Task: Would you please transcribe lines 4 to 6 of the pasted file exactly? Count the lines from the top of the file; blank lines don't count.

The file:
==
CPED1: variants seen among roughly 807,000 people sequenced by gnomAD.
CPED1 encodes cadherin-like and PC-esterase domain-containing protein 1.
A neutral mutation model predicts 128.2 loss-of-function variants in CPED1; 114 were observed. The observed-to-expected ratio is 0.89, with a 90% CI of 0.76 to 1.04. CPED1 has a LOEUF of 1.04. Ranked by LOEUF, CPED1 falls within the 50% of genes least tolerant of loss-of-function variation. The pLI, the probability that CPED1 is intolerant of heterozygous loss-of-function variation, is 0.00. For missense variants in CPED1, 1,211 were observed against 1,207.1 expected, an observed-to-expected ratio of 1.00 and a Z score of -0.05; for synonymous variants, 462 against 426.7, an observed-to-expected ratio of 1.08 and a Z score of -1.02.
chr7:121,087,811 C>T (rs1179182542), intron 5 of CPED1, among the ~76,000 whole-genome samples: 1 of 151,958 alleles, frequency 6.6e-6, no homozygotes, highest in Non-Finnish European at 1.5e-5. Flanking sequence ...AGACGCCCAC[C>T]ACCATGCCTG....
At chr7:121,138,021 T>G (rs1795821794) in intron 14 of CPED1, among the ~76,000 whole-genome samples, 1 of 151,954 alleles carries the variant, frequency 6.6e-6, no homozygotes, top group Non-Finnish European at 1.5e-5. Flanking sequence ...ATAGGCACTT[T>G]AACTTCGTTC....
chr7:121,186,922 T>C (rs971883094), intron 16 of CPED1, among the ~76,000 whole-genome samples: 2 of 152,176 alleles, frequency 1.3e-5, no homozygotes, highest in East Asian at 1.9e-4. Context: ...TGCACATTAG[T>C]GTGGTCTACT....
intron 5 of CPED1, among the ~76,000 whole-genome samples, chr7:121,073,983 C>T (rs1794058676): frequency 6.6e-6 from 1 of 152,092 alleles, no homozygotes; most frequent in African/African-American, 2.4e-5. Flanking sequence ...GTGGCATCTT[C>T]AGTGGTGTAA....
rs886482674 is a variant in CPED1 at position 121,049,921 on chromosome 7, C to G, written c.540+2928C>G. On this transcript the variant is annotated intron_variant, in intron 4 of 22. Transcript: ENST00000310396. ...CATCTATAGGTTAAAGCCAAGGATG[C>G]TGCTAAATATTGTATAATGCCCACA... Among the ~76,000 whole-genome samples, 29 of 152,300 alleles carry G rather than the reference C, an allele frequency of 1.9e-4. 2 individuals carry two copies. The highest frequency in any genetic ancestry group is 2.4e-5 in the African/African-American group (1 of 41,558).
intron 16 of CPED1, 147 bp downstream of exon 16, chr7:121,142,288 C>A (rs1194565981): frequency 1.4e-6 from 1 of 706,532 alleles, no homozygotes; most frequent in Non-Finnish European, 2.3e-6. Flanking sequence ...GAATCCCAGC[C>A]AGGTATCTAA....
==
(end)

chr7:121,087,811 C>T (rs1179182542), intron 5 of CPED1, among the ~76,000 whole-genome samples: 1 of 151,958 alleles, frequency 6.6e-6, no homozygotes, highest in Non-Finnish European at 1.5e-5. Flanking sequence ...AGACGCCCAC[C>T]ACCATGCCTG....
At chr7:121,138,021 T>G (rs1795821794) in intron 14 of CPED1, among the ~76,000 whole-genome samples, 1 of 151,954 alleles carries the variant, frequency 6.6e-6, no homozygotes, top group Non-Finnish European at 1.5e-5. Flanking sequence ...ATAGGCACTT[T>G]AACTTCGTTC....
chr7:121,186,922 T>C (rs971883094), intron 16 of CPED1, among the ~76,000 whole-genome samples: 2 of 152,176 alleles, frequency 1.3e-5, no homozygotes, highest in East Asian at 1.9e-4. Context: ...TGCACATTAG[T>C]GTGGTCTACT....